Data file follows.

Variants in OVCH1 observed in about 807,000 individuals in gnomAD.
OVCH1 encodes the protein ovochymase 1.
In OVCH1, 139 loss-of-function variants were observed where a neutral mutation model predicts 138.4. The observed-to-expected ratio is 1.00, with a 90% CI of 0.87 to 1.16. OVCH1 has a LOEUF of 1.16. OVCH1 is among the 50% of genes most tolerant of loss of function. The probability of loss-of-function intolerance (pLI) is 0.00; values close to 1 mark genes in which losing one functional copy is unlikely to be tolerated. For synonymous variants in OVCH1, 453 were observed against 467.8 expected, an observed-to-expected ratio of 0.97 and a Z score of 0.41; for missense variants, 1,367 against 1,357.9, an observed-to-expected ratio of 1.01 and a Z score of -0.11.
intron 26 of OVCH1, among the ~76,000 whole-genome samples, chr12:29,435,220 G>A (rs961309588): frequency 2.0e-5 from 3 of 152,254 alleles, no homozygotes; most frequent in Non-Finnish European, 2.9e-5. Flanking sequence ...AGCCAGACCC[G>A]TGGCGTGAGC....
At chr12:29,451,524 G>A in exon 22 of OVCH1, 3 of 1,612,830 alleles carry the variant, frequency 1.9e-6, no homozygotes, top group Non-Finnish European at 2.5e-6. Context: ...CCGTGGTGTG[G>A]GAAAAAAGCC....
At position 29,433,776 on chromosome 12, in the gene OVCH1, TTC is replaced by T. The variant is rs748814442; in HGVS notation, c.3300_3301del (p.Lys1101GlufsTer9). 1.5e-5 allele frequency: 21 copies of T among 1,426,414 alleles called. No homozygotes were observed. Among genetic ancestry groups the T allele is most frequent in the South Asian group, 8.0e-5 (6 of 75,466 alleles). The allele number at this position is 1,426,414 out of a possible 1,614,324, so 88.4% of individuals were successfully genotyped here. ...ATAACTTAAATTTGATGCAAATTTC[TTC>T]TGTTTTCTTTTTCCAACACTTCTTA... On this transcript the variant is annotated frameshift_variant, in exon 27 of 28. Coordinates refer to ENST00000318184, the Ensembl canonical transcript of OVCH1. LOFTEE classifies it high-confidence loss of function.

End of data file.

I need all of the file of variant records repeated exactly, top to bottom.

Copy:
Variants in OVCH1 observed in about 807,000 individuals in gnomAD.
OVCH1 encodes the protein ovochymase 1.
In OVCH1, 139 loss-of-function variants were observed where a neutral mutation model predicts 138.4. The observed-to-expected ratio is 1.00, with a 90% CI of 0.87 to 1.16. OVCH1 has a LOEUF of 1.16. OVCH1 is among the 50% of genes most tolerant of loss of function. The probability of loss-of-function intolerance (pLI) is 0.00; values close to 1 mark genes in which losing one functional copy is unlikely to be tolerated. For synonymous variants in OVCH1, 453 were observed against 467.8 expected, an observed-to-expected ratio of 0.97 and a Z score of 0.41; for missense variants, 1,367 against 1,357.9, an observed-to-expected ratio of 1.01 and a Z score of -0.11.
intron 26 of OVCH1, among the ~76,000 whole-genome samples, chr12:29,435,220 G>A (rs961309588): frequency 2.0e-5 from 3 of 152,254 alleles, no homozygotes; most frequent in Non-Finnish European, 2.9e-5. Flanking sequence ...AGCCAGACCC[G>A]TGGCGTGAGC....
At chr12:29,451,524 G>A in exon 22 of OVCH1, 3 of 1,612,830 alleles carry the variant, frequency 1.9e-6, no homozygotes, top group Non-Finnish European at 2.5e-6. Context: ...CCGTGGTGTG[G>A]GAAAAAAGCC....
At position 29,433,776 on chromosome 12, in the gene OVCH1, TTC is replaced by T. The variant is rs748814442; in HGVS notation, c.3300_3301del (p.Lys1101GlufsTer9). 1.5e-5 allele frequency: 21 copies of T among 1,426,414 alleles called. No homozygotes were observed. Among genetic ancestry groups the T allele is most frequent in the South Asian group, 8.0e-5 (6 of 75,466 alleles). The allele number at this position is 1,426,414 out of a possible 1,614,324, so 88.4% of individuals were successfully genotyped here. ...ATAACTTAAATTTGATGCAAATTTC[TTC>T]TGTTTTCTTTTTCCAACACTTCTTA... On this transcript the variant is annotated frameshift_variant, in exon 27 of 28. Coordinates refer to ENST00000318184, the Ensembl canonical transcript of OVCH1. LOFTEE classifies it high-confidence loss of function.